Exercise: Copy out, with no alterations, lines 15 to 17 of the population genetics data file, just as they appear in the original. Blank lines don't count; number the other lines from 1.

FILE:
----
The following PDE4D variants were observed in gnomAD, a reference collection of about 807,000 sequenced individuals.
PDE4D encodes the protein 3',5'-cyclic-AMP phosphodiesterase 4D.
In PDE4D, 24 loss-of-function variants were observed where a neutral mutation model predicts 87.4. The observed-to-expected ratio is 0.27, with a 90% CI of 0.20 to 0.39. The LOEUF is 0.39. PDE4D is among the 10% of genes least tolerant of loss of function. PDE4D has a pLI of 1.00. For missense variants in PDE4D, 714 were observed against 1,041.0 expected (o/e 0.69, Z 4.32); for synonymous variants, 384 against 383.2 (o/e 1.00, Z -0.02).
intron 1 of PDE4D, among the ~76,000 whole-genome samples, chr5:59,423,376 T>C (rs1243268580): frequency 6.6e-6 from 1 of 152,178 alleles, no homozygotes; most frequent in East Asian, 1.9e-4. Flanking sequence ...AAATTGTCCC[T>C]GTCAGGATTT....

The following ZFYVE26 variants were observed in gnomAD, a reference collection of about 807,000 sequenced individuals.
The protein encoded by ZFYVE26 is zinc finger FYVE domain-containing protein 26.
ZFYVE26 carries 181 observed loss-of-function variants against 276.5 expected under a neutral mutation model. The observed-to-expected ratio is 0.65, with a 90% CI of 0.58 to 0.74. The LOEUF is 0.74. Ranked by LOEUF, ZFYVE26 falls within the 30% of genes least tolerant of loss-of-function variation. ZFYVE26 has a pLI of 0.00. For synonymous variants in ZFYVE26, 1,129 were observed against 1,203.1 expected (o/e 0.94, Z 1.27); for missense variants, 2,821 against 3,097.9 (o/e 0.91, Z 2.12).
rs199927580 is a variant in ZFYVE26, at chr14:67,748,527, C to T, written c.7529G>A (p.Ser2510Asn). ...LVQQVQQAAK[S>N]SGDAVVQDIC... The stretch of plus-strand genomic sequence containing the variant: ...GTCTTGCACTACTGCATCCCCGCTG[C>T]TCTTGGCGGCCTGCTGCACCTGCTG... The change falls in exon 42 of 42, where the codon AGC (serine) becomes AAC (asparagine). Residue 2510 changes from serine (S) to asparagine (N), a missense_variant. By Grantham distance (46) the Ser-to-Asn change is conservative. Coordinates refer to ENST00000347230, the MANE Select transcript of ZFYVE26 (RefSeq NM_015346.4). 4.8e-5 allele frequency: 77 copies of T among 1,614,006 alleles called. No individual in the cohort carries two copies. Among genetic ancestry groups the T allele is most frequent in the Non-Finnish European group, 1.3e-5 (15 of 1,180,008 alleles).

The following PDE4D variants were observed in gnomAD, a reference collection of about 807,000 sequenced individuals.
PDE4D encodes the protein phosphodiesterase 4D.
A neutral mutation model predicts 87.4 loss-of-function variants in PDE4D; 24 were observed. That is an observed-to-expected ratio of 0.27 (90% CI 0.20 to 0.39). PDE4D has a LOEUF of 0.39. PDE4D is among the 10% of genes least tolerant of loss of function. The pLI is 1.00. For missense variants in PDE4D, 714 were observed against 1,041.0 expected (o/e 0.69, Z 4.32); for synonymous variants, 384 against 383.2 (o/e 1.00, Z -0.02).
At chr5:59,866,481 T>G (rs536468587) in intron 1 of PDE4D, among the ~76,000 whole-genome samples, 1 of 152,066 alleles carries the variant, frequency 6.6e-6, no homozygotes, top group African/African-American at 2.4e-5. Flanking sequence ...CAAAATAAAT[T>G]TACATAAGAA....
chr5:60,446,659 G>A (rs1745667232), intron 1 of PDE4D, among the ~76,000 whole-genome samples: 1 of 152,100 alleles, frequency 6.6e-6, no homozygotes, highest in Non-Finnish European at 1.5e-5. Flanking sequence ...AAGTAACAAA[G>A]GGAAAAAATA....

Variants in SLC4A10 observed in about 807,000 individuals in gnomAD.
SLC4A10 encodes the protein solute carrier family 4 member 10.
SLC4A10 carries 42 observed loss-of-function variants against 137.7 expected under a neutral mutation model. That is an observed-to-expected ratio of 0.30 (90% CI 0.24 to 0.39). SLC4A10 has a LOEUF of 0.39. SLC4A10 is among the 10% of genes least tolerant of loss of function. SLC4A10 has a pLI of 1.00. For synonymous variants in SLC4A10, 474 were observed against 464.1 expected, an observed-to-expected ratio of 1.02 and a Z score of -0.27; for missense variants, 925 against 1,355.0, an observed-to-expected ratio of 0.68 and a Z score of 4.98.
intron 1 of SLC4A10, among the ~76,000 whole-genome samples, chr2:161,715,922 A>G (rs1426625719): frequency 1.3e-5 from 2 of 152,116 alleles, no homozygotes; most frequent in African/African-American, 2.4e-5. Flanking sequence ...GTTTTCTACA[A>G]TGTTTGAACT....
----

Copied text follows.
SLC4A10 encodes the protein solute carrier family 4 member 10.
SLC4A10 carries 42 observed loss-of-function variants against 137.7 expected under a neutral mutation model. That is an observed-to-expected ratio of 0.30 (90% CI 0.24 to 0.39). SLC4A10 has a LOEUF of 0.39. SLC4A10 is among the 10% of genes least tolerant of loss of function. SLC4A10 has a pLI of 1.00. For synonymous variants in SLC4A10, 474 were observed against 464.1 expected, an observed-to-expected ratio of 1.02 and a Z score of -0.27; for missense variants, 925 against 1,355.0, an observed-to-expected ratio of 0.68 and a Z score of 4.98.
intron 1 of SLC4A10, among the ~76,000 whole-genome samples, chr2:161,715,922 A>G (rs1426625719): frequency 1.3e-5 from 2 of 152,116 alleles, no homozygotes; most frequent in African/African-American, 2.4e-5. Flanking sequence ...GTTTTCTACA[A>G]TGTTTGAACT....